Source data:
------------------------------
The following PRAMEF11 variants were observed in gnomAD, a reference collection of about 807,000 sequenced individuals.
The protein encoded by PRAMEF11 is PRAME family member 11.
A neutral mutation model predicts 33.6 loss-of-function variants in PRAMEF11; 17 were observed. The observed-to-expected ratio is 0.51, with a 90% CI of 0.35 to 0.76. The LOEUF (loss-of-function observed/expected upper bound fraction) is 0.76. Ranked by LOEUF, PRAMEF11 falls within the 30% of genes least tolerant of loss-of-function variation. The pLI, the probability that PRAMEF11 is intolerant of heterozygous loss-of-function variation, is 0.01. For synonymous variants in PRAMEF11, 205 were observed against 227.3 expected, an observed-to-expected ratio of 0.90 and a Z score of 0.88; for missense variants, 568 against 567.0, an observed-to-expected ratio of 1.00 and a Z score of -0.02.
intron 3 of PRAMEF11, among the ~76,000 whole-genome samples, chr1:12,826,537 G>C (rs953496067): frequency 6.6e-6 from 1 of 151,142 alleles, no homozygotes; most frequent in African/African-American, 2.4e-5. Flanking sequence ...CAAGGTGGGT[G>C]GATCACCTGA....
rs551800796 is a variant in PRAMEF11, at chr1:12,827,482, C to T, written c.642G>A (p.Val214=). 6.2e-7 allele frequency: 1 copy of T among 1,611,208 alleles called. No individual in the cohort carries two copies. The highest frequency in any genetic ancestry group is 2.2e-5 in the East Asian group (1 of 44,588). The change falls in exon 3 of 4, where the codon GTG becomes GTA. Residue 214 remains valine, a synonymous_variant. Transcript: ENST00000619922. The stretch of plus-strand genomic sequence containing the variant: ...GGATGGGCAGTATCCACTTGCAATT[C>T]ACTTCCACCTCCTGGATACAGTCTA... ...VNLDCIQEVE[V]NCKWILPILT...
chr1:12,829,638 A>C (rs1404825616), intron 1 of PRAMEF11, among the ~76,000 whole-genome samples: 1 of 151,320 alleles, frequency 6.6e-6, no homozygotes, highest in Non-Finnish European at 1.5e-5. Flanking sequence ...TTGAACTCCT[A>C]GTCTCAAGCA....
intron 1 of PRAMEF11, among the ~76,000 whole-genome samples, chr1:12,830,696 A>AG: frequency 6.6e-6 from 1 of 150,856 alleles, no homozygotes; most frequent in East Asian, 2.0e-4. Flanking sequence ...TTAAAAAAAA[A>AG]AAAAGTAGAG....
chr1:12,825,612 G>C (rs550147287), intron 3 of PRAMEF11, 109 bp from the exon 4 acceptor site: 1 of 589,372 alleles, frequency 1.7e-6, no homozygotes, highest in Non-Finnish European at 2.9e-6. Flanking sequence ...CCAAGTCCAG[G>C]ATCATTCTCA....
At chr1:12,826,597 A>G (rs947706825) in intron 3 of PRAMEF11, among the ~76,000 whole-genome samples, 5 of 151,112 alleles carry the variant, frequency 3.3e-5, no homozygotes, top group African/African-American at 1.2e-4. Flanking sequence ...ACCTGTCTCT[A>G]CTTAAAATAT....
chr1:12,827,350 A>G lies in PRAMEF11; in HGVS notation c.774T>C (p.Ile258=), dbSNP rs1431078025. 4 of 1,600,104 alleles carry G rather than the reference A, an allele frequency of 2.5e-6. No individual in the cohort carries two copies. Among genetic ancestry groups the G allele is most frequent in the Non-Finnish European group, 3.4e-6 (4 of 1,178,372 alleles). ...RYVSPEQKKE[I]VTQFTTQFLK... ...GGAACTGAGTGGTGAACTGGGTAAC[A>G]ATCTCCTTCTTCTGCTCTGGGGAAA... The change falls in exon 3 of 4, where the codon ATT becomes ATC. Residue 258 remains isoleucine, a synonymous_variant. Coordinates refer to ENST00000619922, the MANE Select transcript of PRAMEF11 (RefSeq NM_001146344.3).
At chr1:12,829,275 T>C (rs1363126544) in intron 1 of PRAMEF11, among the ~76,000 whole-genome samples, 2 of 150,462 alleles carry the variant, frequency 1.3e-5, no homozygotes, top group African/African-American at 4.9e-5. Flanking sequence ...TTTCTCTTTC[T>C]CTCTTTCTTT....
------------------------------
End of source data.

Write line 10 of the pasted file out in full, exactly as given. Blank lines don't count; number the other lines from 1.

chr1:12,827,350 A>G lies in PRAMEF11; in HGVS notation c.774T>C (p.Ile258=), dbSNP rs1431078025. 4 of 1,600,104 alleles carry G rather than the reference A, an allele frequency of 2.5e-6. No individual in the cohort carries two copies. Among genetic ancestry groups the G allele is most frequent in the Non-Finnish European group, 3.4e-6 (4 of 1,178,372 alleles). ...RYVSPEQKKE[I]VTQFTTQFLK... ...GGAACTGAGTGGTGAACTGGGTAAC[A>G]ATCTCCTTCTTCTGCTCTGGGGAAA... The change falls in exon 3 of 4, where the codon ATT becomes ATC. Residue 258 remains isoleucine, a synonymous_variant. Coordinates refer to ENST00000619922, the MANE Select transcript of PRAMEF11 (RefSeq NM_001146344.3).